We arrived in Barcelona before noon, and walked from the train station down to the old city, to the hotel we had stayed at on New Year's Day. Brad had decided to stay in Montpellier for the day, so we had planned on taking a room for two, but the only room left was a room for three, which ended up working out perfectly, since Brad also remembered the hotel, found the note we had left, and showed up just in time for dinner.
After checking in, we started walking through the city. When we were in Barcelona before, we arrived after dark and left before sunrise, so we had never seen the city by day. The main city of the former kingdom of Catalunya, it views itself as separate from the rest of Spain, and proudly speaks its own language - similar to Castillian (what we know as Spanish) but different enough that Rob could not understand what was spoken until the speaker sighed, rolled their eyes and spoke in Castillian Spanish. Most of the city is laid out along wide avenues, with gracious squares every few blocks, and is perhaps one of the most gracious cities in Europe. In contrast, in the old city the streets are narrow and twisting, often no more than 6 feet wide. We found a small restaurant, Eternal, with an inexpensive but satisfying lunch special and ate before attempting any real sightseeing.
Walking back from lunch to the main square, we saw posters for Cirque du Soleil, which was playing in town. We stopped into the main department store, El Corte Ingles, and bought ourselves tickets for the following afternoon. We then poked our heads into the tourist information desk, and asked how we could get to the park designed by Gaudi, where we were told to take a bus that stopped directly outside. The long bus trip took us through the center of town and then up a steep hill at the edge. As soon as we entered the park, we had sweeping panoramic views of the entire city.
The park had started out as a utopian community planned by a local aristocrat alarmed by the rapid growth of the city at the turn of the last century. He purchased this hilltop and asked Gaudi to help him plan a community to prove that urban growth and nature were not necessarily in opposition. Gaudi designed a central entrance with fountains, guard booths, an open plaza (with a mosaic tile bench S-curving all the way around) supported by columns, under which is an amphitheater. Above this, winding their ways up the hill are paths that lead to the plots of land open for sale. Only three houses were ever built: The man who commissioned the project, his lawyer, and Gaudi were the only ones ever to live here. Apparently the aristocracy of Barcelona had other hills where they built their mansions, and this was looked on as extreme folly. With the death of Gaudi in the 1920s, the city repurchased the hill, and turned it into a public park, one of the most amazing in the world. Gaudi's signature style, Modernismo (a sort of futuristic Art-Deco) is evident along all the bridges and pathways twisting up the hill, and the entrance square and staircase with its elaborate mosaic fountains are breathtaking.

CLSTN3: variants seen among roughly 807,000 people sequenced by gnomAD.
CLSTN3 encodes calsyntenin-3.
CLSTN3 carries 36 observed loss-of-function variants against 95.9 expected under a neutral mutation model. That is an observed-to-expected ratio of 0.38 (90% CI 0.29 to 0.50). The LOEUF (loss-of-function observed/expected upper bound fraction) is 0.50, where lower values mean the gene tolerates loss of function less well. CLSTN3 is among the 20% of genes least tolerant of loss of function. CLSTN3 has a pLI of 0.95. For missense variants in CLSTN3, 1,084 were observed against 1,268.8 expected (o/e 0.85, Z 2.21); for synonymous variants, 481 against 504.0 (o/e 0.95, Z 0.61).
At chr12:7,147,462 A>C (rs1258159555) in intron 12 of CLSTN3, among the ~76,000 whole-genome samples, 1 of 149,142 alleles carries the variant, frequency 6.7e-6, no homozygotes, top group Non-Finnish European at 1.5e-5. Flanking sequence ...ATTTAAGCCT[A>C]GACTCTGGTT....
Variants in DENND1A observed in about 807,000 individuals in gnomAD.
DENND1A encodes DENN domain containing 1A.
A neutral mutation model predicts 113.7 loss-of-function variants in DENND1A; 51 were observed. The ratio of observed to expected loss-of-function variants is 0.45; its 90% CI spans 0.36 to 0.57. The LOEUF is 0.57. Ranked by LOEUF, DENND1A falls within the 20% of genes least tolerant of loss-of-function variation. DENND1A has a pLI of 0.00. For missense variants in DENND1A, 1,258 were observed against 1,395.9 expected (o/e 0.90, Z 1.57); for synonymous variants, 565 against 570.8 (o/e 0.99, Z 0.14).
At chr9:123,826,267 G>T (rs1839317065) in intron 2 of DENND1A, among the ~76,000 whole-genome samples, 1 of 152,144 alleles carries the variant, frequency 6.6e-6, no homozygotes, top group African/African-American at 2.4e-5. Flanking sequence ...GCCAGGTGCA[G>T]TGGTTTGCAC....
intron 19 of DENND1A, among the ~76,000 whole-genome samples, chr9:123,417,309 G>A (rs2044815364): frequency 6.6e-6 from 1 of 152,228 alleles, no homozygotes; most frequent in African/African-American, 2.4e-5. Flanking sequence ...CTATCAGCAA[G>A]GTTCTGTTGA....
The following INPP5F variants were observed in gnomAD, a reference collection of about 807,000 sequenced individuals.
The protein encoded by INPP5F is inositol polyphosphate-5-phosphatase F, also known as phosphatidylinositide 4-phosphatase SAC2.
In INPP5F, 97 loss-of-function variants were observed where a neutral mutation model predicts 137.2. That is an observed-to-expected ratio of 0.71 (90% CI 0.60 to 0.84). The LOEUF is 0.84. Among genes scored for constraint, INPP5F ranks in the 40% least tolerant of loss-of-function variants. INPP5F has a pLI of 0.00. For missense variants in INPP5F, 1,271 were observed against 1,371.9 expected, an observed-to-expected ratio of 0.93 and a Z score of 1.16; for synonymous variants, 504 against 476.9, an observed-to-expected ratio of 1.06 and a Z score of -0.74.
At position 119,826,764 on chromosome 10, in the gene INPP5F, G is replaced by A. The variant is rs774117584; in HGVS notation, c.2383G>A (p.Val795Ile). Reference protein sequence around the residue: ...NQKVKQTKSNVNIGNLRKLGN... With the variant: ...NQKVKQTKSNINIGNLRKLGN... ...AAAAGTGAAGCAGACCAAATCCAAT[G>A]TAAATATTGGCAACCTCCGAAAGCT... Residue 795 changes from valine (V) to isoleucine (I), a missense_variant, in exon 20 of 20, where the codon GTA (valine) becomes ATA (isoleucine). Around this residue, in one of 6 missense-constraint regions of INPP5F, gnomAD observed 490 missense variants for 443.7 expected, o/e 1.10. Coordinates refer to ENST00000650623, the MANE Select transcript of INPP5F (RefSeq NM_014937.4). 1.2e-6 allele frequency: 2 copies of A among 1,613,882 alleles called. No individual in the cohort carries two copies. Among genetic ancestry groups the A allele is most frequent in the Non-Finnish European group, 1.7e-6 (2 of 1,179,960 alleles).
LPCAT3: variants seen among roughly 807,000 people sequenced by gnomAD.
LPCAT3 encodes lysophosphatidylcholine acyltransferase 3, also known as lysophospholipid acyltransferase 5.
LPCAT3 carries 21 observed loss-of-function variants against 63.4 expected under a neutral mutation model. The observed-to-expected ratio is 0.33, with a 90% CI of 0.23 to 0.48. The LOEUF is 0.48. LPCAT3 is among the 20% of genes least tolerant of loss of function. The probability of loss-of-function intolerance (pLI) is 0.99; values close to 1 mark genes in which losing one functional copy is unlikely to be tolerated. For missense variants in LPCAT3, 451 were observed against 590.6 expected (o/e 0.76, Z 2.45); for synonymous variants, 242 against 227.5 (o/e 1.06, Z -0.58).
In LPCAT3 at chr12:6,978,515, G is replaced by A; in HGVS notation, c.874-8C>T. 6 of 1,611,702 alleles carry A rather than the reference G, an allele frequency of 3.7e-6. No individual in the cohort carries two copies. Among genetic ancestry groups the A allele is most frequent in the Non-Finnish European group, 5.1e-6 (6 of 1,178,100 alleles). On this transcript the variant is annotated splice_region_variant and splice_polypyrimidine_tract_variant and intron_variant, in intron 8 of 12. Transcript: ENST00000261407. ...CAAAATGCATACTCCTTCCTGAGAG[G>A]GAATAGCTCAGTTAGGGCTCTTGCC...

After spending about two hours in the park, Rob and I decided to check out the cathedral Gaudi designed. Though only half complete, it has already become a symbol of the city with its fantastic arches and details. Looking almost like a sand castle, its turrets rise high above the city grid, with bright colors accenting its peaks. We had a view of the city at sunset from half-way up one of the completed towers, and then, exhausted from a long day of travelling and lots of climbing, headed back to the hotel to rest our feet and plan for dinner.
Brad arrived just as we were about to walk out again, so the three of us went to a tiny little restaurant in the old city that had been recommended to us on our prior visit, but we had not yet visited. We stuffed ourselves with seafood, Paella, Sangria and Crema Catalunya (similar to Creme Brulee). Then went for a walk along the newly restored harbor area. Barcelona is obviously in the process of giving itself a face lift, a process which began in preparation to the 1992 Olympics, and which continues today. Already one of the most pleasant and cultural cities in Europe, it is busy making itself more accessible to the rest of the world, with the old shipping harbor renovated into a marina at the edge of the old city with the wharves recycled into shops, restaurants and nightclubs (which pulsate well into the morning every night). The heavy ship activity has been moved elsewhere, and the result is an inviting destination which makes me wonder if the New York planning department will ever do something with the series of abandoned piers along the Hudson river.